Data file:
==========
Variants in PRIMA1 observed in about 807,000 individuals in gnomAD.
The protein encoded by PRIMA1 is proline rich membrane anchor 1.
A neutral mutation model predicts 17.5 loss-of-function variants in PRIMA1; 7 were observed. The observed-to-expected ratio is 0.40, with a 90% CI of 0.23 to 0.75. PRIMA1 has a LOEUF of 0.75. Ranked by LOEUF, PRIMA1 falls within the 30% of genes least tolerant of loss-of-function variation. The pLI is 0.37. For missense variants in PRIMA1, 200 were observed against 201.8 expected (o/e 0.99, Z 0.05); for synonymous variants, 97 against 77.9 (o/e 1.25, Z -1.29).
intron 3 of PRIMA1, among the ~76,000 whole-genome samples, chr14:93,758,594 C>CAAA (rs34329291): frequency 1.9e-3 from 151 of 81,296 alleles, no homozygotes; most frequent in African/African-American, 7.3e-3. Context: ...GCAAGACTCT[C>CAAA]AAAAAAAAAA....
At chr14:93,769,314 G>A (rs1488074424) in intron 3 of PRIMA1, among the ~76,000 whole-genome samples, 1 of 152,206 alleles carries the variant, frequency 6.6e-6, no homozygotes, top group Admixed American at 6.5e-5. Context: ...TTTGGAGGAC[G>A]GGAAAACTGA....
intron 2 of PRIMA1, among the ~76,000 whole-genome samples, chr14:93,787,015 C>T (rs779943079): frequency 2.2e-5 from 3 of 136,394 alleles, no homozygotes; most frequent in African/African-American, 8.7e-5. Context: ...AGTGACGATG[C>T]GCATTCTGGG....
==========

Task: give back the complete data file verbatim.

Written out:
Variants in PRIMA1 observed in about 807,000 individuals in gnomAD.
The protein encoded by PRIMA1 is proline rich membrane anchor 1.
A neutral mutation model predicts 17.5 loss-of-function variants in PRIMA1; 7 were observed. The observed-to-expected ratio is 0.40, with a 90% CI of 0.23 to 0.75. PRIMA1 has a LOEUF of 0.75. Ranked by LOEUF, PRIMA1 falls within the 30% of genes least tolerant of loss-of-function variation. The pLI is 0.37. For missense variants in PRIMA1, 200 were observed against 201.8 expected (o/e 0.99, Z 0.05); for synonymous variants, 97 against 77.9 (o/e 1.25, Z -1.29).
intron 3 of PRIMA1, among the ~76,000 whole-genome samples, chr14:93,758,594 C>CAAA (rs34329291): frequency 1.9e-3 from 151 of 81,296 alleles, no homozygotes; most frequent in African/African-American, 7.3e-3. Context: ...GCAAGACTCT[C>CAAA]AAAAAAAAAA....
At chr14:93,769,314 G>A (rs1488074424) in intron 3 of PRIMA1, among the ~76,000 whole-genome samples, 1 of 152,206 alleles carries the variant, frequency 6.6e-6, no homozygotes, top group Admixed American at 6.5e-5. Context: ...TTTGGAGGAC[G>A]GGAAAACTGA....
intron 2 of PRIMA1, among the ~76,000 whole-genome samples, chr14:93,787,015 C>T (rs779943079): frequency 2.2e-5 from 3 of 136,394 alleles, no homozygotes; most frequent in African/African-American, 8.7e-5. Context: ...AGTGACGATG[C>T]GCATTCTGGG....